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Weight change with rotation ?

by Gh778
Tags: rotation, weight
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nicu
#19
Apr4-12, 10:40 AM
P: 13
G is an imitation of g and his formula and value are very doubtful...
Gh778
#20
Apr4-12, 11:48 AM
P: 365
I have corrected

2*m*G*M*H/100*(1/(R-100)-1/(R)) = 1964.52227397479936678121

compared to

m*G*M/1*(-1/(R+1)+1/R-1/(R-1)+1/R) = +3.08348993657429924912e-6
m*G*M*H/100*(1/(R-99)-1/(R+1)+1/(R-101)-1/(R-1)) = 1964.52227397494456785185

m*G*M/1*((1/(R-99)-1/(R-100))+(1/(R-101)-1/(R-100))) = -0.08363513764493721675e-6

The sum is :

1964.52227397479936678121-3.08348993657429924912e-6-1964.52227397494456785185+3.08363513764493721675e-6 = 1e-27 it's ok, the sum is 0.

3/ The net gravitationnal force is in R 4 but the torque is in R 3 , how the sum of energy is 0 ?
How the sum can be to 0 ?
Gh778
#21
Apr6-12, 05:34 AM
P: 365
I have thought about something I don't understand. When a screw is in water with bottom thread end with vertical surface. The torque on the bottom surface is canceled all along the thread with a differencial of pressure (up/down surface of the thread). With the pressure of water = f(h) it's ok, all torque are canceled, but now with pressure = f(h,Δh²) why the bottom torque is not greater than the differencial torque ? The difference is not big but must be to 0 I think ?

NB. We are for example on Earth with gravity = 9.81 m/s². The screw can only turn.
Attached Thumbnails
screw.png  
Gh778
#22
Apr6-12, 09:34 AM
P: 365
All is fine I understand the problem.

But for this thread I will calcultate if the torque is 0 :

A circular thread (can only turn) in sandwich between 2 circular fixed thread. Up and down small film of water. See the drawing. The thread has only film of water up and down.Normally, this thread don't turn because the height of water is the same. But really, one side is more far from Earth (the up side). This give a torque ?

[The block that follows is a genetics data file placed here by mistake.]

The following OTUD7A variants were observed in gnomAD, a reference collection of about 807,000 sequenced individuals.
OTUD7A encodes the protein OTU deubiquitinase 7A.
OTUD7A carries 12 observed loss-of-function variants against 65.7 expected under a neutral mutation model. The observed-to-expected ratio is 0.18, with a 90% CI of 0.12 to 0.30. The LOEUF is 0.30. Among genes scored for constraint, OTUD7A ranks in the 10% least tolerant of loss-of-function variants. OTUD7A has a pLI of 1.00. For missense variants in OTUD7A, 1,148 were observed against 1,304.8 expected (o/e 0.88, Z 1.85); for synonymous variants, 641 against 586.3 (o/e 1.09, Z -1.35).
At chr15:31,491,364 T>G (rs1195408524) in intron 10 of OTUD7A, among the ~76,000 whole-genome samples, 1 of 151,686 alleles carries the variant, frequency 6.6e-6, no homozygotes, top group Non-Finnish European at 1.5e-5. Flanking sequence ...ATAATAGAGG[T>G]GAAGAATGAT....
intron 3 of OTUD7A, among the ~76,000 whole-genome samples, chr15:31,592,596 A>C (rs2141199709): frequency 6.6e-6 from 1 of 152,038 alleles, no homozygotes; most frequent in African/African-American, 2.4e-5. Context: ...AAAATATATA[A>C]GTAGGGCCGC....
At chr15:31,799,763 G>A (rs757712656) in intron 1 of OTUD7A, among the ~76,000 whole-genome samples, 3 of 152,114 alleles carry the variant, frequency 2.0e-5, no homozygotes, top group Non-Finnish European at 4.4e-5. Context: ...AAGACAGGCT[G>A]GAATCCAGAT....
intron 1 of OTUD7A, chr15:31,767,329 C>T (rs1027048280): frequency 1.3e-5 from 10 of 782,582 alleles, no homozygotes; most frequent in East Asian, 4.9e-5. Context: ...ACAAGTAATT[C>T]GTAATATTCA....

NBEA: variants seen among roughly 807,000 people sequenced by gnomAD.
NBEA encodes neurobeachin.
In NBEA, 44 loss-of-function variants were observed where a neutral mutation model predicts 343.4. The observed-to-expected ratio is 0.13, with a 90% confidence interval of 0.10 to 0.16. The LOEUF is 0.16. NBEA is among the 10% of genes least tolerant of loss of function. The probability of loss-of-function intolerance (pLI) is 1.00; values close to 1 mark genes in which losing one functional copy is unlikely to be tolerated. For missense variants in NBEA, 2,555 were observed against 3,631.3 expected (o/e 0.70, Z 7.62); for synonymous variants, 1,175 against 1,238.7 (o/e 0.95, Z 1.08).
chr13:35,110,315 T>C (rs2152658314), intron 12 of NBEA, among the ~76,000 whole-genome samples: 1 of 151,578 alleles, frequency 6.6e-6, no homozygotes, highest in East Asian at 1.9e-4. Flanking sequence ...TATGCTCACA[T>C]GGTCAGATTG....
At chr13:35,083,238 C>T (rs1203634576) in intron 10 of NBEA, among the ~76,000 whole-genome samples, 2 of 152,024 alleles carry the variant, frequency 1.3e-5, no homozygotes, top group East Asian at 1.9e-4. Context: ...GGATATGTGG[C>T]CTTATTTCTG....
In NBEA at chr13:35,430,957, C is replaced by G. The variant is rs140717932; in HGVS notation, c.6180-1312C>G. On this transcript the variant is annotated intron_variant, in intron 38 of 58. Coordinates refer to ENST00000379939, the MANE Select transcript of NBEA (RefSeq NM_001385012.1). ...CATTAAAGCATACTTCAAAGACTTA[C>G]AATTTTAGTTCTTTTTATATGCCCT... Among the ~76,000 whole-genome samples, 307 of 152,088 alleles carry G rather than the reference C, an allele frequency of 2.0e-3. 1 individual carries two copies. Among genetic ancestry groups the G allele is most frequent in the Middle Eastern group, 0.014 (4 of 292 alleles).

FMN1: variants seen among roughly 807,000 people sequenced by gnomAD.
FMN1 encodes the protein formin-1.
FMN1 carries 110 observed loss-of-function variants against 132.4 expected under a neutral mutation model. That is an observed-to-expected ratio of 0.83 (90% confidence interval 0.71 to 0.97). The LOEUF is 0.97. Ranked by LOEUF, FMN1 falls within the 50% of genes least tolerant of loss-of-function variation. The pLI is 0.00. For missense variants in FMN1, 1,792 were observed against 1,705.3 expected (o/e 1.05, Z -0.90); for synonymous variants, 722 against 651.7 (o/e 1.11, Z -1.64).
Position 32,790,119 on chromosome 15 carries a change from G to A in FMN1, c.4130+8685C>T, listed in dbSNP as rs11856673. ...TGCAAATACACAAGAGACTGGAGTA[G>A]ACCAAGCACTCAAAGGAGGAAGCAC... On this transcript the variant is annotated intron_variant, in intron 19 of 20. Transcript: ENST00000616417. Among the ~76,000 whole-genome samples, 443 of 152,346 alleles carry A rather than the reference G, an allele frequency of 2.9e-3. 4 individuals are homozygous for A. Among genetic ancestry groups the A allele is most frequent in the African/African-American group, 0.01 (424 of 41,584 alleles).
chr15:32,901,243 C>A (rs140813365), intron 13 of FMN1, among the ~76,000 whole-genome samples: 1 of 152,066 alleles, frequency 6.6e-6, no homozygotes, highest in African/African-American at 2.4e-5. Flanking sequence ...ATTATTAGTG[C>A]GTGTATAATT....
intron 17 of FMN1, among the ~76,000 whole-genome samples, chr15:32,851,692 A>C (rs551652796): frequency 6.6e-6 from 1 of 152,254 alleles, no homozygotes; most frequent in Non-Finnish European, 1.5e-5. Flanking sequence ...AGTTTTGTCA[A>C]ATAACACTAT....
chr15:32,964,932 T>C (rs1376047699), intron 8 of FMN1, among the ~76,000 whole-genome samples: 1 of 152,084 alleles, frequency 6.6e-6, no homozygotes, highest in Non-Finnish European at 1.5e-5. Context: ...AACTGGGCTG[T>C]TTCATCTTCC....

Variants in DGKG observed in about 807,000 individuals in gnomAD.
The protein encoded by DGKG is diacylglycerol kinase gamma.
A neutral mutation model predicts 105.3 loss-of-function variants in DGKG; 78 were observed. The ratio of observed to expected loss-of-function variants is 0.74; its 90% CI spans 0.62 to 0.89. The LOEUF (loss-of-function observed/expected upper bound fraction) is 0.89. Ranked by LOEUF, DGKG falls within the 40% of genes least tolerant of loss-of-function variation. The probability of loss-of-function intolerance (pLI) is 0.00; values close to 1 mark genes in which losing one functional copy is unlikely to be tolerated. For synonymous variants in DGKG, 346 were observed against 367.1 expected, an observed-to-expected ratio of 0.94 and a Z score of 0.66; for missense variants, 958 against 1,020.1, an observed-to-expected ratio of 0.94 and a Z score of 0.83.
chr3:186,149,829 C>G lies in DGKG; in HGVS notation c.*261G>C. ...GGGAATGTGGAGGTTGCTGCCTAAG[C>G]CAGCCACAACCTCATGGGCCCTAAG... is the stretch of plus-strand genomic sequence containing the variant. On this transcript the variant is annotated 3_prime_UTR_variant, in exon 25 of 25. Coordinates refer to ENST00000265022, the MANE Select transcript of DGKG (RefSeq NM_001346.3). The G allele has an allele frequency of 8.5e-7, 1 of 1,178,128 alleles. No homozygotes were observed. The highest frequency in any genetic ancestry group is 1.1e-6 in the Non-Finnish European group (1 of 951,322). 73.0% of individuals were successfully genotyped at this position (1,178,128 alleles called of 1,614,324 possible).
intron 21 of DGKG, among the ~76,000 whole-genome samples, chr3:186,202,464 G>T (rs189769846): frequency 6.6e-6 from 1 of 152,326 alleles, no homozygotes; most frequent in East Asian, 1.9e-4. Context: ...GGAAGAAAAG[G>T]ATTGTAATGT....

Attached Thumbnails
circular thread.png  
Gh778
#23
Apr6-12, 11:42 AM
P: 365
I drew the developpant of the helicoid (thread). This helicoid is in a sandwich between 2 fixed helicoids. Only film of water Up and Down surfaces.

The down torque = T1 = Radius_of_helicoid * Down_surface * density_of_water * height * Gt * Mt * ( g + (1/(R+250) - 1/R ) )

The up torque = T2 = Radius_of_helicoid * Up_surface * density_of_water * height * Gt * Mt * ( g + (1/(R+350) - 1/(R+100) ) )

With:
g = 9.81
Mt = Mass of Earth
Gt = Gravitational constant
Up_surface = Down _surface
k = Radius_of_helicoid * Down_surface * density_of_water * height * Gt * Mt

T1 = k * ( g + (1/(R+250) - 1/R ) ) = 9.8099999999938410347 * k

T2 = k * ( g + (1/(R+350) - 1/(R+100) ) = 9.80999999999384122804 * k

There is a little difference ?
Attached Thumbnails
developpant of helicoid.png  
Gh778
#24
Apr6-12, 05:08 PM
P: 365
I find the problem, the force is perpendiculary to the surface and movement.

Another question is with a fixed column of water with a fixed mass under it. Like the mass is more at left, the pressure at left in the column is higher than at right. The water move inside the column ? Or another force balance this ? (No other gravity, only mass M and water). Mass of M is 100 or higher than mass of water for example, because there are forces in water alone, the up of water attrack the down, idem for the sides, maybe already a movement in water alone.
Attached Thumbnails
column of water with mass M.png  


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